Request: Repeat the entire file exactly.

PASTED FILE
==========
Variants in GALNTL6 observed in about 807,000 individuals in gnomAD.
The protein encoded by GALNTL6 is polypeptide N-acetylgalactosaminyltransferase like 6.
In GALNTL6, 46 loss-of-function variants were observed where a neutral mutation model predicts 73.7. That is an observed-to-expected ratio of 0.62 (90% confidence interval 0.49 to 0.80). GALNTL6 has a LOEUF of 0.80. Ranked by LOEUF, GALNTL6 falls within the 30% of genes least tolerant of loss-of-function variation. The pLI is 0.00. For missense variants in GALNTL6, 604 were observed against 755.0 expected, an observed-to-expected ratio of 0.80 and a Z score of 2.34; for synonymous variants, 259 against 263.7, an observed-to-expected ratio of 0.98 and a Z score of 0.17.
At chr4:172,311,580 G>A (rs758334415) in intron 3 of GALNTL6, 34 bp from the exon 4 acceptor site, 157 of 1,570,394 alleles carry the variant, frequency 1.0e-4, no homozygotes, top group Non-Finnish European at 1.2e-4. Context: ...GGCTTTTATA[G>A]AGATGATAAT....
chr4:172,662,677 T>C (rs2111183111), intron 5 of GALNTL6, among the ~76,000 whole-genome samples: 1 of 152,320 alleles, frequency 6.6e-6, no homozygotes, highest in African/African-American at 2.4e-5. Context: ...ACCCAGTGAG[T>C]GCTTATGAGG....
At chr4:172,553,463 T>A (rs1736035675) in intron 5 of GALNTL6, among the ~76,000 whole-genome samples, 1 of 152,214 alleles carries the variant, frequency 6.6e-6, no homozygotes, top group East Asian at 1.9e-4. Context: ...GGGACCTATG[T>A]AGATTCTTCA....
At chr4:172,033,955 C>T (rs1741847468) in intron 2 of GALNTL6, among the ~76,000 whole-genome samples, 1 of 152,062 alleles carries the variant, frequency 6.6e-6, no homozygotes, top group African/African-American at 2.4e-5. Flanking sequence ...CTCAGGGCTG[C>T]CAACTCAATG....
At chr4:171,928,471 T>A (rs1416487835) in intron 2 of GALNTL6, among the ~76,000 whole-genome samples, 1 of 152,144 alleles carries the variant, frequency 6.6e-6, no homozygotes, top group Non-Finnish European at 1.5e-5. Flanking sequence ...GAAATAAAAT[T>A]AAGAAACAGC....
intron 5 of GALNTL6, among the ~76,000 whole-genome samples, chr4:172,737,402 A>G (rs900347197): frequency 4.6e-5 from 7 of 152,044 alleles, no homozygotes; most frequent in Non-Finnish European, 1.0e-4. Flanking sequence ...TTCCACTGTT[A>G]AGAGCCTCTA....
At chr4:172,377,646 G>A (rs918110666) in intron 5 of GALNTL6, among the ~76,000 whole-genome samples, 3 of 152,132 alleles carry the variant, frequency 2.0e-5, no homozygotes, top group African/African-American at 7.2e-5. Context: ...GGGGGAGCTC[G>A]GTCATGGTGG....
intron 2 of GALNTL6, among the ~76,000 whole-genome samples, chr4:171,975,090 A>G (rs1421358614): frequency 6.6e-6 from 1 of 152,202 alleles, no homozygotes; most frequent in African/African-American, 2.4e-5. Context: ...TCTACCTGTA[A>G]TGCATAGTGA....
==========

Variants in GALNTL6 observed in about 807,000 individuals in gnomAD.
The protein encoded by GALNTL6 is polypeptide N-acetylgalactosaminyltransferase like 6.
In GALNTL6, 46 loss-of-function variants were observed where a neutral mutation model predicts 73.7. That is an observed-to-expected ratio of 0.62 (90% confidence interval 0.49 to 0.80). GALNTL6 has a LOEUF of 0.80. Ranked by LOEUF, GALNTL6 falls within the 30% of genes least tolerant of loss-of-function variation. The pLI is 0.00. For missense variants in GALNTL6, 604 were observed against 755.0 expected, an observed-to-expected ratio of 0.80 and a Z score of 2.34; for synonymous variants, 259 against 263.7, an observed-to-expected ratio of 0.98 and a Z score of 0.17.
At chr4:172,311,580 G>A (rs758334415) in intron 3 of GALNTL6, 34 bp from the exon 4 acceptor site, 157 of 1,570,394 alleles carry the variant, frequency 1.0e-4, no homozygotes, top group Non-Finnish European at 1.2e-4. Context: ...GGCTTTTATA[G>A]AGATGATAAT....
chr4:172,662,677 T>C (rs2111183111), intron 5 of GALNTL6, among the ~76,000 whole-genome samples: 1 of 152,320 alleles, frequency 6.6e-6, no homozygotes, highest in African/African-American at 2.4e-5. Context: ...ACCCAGTGAG[T>C]GCTTATGAGG....
At chr4:172,553,463 T>A (rs1736035675) in intron 5 of GALNTL6, among the ~76,000 whole-genome samples, 1 of 152,214 alleles carries the variant, frequency 6.6e-6, no homozygotes, top group East Asian at 1.9e-4. Context: ...GGGACCTATG[T>A]AGATTCTTCA....
At chr4:172,033,955 C>T (rs1741847468) in intron 2 of GALNTL6, among the ~76,000 whole-genome samples, 1 of 152,062 alleles carries the variant, frequency 6.6e-6, no homozygotes, top group African/African-American at 2.4e-5. Flanking sequence ...CTCAGGGCTG[C>T]CAACTCAATG....
At chr4:171,928,471 T>A (rs1416487835) in intron 2 of GALNTL6, among the ~76,000 whole-genome samples, 1 of 152,144 alleles carries the variant, frequency 6.6e-6, no homozygotes, top group Non-Finnish European at 1.5e-5. Flanking sequence ...GAAATAAAAT[T>A]AAGAAACAGC....
intron 5 of GALNTL6, among the ~76,000 whole-genome samples, chr4:172,737,402 A>G (rs900347197): frequency 4.6e-5 from 7 of 152,044 alleles, no homozygotes; most frequent in Non-Finnish European, 1.0e-4. Flanking sequence ...TTCCACTGTT[A>G]AGAGCCTCTA....
At chr4:172,377,646 G>A (rs918110666) in intron 5 of GALNTL6, among the ~76,000 whole-genome samples, 3 of 152,132 alleles carry the variant, frequency 2.0e-5, no homozygotes, top group African/African-American at 7.2e-5. Context: ...GGGGGAGCTC[G>A]GTCATGGTGG....
intron 2 of GALNTL6, among the ~76,000 whole-genome samples, chr4:171,975,090 A>G (rs1421358614): frequency 6.6e-6 from 1 of 152,202 alleles, no homozygotes; most frequent in African/African-American, 2.4e-5. Context: ...TCTACCTGTA[A>G]TGCATAGTGA....